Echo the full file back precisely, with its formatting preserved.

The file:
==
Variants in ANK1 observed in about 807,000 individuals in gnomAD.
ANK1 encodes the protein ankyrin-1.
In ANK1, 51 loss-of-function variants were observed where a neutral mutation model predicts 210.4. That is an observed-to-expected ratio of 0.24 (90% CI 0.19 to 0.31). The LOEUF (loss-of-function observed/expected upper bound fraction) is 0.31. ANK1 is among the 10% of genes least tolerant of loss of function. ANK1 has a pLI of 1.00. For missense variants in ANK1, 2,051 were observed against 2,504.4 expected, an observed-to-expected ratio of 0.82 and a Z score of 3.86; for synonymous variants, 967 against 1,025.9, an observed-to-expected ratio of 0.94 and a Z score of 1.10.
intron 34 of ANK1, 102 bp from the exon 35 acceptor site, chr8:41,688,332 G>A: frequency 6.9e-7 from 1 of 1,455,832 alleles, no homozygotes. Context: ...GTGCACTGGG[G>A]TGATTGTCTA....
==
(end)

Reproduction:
Variants in ANK1 observed in about 807,000 individuals in gnomAD.
ANK1 encodes the protein ankyrin-1.
In ANK1, 51 loss-of-function variants were observed where a neutral mutation model predicts 210.4. That is an observed-to-expected ratio of 0.24 (90% CI 0.19 to 0.31). The LOEUF (loss-of-function observed/expected upper bound fraction) is 0.31. ANK1 is among the 10% of genes least tolerant of loss of function. ANK1 has a pLI of 1.00. For missense variants in ANK1, 2,051 were observed against 2,504.4 expected, an observed-to-expected ratio of 0.82 and a Z score of 3.86; for synonymous variants, 967 against 1,025.9, an observed-to-expected ratio of 0.94 and a Z score of 1.10.
intron 34 of ANK1, 102 bp from the exon 35 acceptor site, chr8:41,688,332 G>A: frequency 6.9e-7 from 1 of 1,455,832 alleles, no homozygotes. Context: ...GTGCACTGGG[G>A]TGATTGTCTA....